Major repairs to the Mid-Columbia’s only off-leash dog park are creating headaches for Tri-City dog lovers.
Richland disclosed last week plans to close Paws-Abilities Place at Badger Mountain Community Park for six months starting Sept. 15.
After dog users complained loudly over the weekend that a full shut-down would eliminate a critical facility for dog-owning apartment dwellers and others, city leaders came up with a temporary spot for large dogs.
The closure does not affect Paws-Abilities’ smaller zone for petite pooches.
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The large dog area has been heavily damaged by exhaustive use for five years and ongoing drainage issues. Despite volunteer efforts, it is riddled with holes that threaten both dogs and humans, though no injuries have been reported to date.
Phil Pinard, the city’s parks and recreation manager, said a half-acre spot at Badger Mountain Park could serve as a temporary large dog area. The city would install temporary fencing and double gates, but users would have to bring their own drinking water.
The small dog area will only close if the city is unable to open the alternative site for the larger dogs.
It wants to keep the small dog area from being used by large dogs. It fears owners of large dogs will use it if they have no other option, putting both turf and the smaller pets in jeopardy.
The closure is expected to last into the spring while the city regrades and reseeds the dog park.
We’re doing our best to come up with a solution that has a place for the big dogs to play in and for the little dog area to stay open.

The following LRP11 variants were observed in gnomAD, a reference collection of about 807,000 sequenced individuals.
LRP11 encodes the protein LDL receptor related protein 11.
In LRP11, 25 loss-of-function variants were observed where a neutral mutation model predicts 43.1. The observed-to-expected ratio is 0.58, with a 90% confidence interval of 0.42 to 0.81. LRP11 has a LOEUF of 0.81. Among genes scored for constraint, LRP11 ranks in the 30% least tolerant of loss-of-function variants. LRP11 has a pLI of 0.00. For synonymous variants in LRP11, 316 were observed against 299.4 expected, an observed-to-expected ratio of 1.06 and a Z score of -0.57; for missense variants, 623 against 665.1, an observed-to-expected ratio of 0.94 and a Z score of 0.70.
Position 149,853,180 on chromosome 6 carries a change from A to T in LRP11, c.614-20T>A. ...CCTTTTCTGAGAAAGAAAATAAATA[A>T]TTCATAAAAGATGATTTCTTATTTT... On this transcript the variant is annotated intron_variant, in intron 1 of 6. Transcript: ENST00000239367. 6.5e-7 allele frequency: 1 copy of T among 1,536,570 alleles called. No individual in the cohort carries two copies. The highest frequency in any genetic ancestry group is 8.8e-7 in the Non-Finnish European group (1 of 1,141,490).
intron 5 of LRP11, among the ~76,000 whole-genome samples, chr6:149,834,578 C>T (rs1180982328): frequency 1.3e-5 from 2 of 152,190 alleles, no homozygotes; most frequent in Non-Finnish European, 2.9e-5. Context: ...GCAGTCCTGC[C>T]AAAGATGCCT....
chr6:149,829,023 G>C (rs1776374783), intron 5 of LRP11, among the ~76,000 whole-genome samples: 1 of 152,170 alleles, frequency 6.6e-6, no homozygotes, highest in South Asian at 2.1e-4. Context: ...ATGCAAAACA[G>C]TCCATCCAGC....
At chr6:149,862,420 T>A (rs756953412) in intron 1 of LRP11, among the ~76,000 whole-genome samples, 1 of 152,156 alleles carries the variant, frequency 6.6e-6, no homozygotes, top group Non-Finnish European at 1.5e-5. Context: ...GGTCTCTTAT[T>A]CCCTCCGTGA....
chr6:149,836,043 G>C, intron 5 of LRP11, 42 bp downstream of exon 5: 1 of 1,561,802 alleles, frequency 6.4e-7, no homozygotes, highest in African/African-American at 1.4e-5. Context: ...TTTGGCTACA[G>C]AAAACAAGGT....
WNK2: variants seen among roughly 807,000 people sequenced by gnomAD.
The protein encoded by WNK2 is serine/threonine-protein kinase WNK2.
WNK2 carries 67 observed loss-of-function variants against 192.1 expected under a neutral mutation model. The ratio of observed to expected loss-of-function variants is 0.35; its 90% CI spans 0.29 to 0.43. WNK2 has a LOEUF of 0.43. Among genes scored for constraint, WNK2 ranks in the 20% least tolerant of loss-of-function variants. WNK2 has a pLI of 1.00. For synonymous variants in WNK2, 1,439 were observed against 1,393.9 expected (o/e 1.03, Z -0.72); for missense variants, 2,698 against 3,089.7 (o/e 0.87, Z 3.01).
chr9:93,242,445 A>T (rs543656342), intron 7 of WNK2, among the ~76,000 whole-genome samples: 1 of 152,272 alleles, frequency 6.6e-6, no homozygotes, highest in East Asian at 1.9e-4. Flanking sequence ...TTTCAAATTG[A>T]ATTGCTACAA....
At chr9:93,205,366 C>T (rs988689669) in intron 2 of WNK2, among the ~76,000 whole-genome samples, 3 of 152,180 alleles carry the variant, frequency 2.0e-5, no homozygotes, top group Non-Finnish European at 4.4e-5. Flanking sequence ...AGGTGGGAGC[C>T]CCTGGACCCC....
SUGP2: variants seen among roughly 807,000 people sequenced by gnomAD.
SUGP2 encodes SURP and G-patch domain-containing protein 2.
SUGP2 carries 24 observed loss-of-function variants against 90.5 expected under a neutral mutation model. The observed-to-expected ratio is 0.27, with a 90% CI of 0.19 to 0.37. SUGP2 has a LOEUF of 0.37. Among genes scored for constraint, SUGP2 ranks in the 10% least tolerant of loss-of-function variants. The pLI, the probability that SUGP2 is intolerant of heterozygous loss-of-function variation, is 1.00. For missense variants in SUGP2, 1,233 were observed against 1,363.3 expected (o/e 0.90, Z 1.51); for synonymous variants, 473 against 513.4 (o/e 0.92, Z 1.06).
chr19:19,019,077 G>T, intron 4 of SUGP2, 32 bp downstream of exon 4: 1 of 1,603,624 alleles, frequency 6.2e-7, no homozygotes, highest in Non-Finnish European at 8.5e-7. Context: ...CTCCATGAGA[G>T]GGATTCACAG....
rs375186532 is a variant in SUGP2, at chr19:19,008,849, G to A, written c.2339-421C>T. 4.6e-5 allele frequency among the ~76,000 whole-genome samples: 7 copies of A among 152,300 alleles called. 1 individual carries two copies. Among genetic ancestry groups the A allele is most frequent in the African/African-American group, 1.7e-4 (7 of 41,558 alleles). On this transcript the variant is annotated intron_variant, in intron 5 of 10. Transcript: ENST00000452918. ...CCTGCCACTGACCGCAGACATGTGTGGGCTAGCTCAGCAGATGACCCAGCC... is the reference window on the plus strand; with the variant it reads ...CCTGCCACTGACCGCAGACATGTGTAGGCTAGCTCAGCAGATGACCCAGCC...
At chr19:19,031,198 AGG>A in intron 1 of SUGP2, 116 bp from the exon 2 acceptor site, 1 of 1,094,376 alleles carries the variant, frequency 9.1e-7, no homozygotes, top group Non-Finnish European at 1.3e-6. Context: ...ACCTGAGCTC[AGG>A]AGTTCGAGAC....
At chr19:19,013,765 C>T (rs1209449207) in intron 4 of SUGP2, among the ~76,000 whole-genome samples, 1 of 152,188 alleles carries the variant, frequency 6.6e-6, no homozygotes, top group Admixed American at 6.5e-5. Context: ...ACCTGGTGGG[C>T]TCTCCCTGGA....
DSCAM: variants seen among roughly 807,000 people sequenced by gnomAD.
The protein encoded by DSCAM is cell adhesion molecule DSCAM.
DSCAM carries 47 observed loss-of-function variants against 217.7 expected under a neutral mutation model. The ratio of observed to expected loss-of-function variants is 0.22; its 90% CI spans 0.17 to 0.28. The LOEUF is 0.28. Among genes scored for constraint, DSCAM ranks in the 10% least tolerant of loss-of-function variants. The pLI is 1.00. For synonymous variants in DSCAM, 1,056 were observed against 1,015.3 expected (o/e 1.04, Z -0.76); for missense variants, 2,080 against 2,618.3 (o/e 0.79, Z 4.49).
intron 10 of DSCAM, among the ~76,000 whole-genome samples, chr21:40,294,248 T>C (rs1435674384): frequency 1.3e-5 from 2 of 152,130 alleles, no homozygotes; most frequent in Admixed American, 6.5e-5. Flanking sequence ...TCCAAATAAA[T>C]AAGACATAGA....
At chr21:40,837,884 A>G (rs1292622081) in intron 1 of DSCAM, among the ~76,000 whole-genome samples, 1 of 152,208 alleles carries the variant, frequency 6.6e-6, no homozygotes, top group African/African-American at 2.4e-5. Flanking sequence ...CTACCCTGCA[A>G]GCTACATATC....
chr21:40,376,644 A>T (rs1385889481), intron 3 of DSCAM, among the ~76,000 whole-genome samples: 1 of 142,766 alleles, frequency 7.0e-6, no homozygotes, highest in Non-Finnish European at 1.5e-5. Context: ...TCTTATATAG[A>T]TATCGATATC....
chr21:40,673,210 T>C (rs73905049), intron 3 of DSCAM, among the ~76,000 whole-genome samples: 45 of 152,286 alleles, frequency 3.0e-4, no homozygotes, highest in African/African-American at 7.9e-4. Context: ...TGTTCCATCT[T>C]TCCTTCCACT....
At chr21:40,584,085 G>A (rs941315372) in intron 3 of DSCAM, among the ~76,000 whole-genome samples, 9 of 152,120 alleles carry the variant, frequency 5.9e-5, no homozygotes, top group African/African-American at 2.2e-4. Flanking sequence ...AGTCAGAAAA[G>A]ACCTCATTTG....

Tom Currie, Tri-City Dog Park Society
Gary Wold, a Pasco resident who has visited the park with his mixed-breed companion Smiley for more than three years, said the park is an important gathering place for both dogs and people. He’s formed enduring friendships while Smiley plays with a Collie friend named Lucy and a mixed breed named Kayla.
“The dogs have kind of formed a pack,” he said. He’s hopeful an alternate site will open in time to keep the camaraderie going.
“We’re doing our best to come up with a solution that has a place for the big dogs to play in and for the little dog area to stay open,” said Tom Currie, president of the Tri-City Dog Park Society, the nonprofit that developed Paws-Abilities Place in 2011 in partnership with the city.
The city alerted users about its plans last week, sending many scrambling to find alternate spots to take their dogs to play and socialize.
Currie said the park’s regular users are justifiably irritated by the late notice, just a week before the planned closure.
But, he said, the park attracts 1,000 visitors every month. The heavy use has damaged the park beyond the ability of volunteers to repair it.
“Big dogs work the big dog park hard,” he said. “People are saying, ‘Well, it’s not that bad,’ It is. Work needs to be done.”
Pinard acknowledged the late notice, but said the timing is unavoidable.
It’s a park that’s overloved. This is exactly what we want, but every once in a while we have to go do some maintenance.
Phil Pinard, Richland parks and recreation manager
Fall is the best time to reseed and the investment now will pay dividends down the road. Paws-Ability has been loved to the point it’s a risk to both humans and dogs.
“It’s kind of an accident waiting to happen,” he said.
If all goes well, dog lovers will have not one but two parks to celebrate next spring.
The parks department has asked the city council to authorize $70,000 in its 2017 budget to complete the next phase of the dog park — a second, two-acre area for large dogs.
If approved, Paws-Ability would always have one area in active use and one in reserve.
“It’s a park that’s overloved. This is exactly what we want, but every once in a while we have to go do some maintenance,” Pinard said.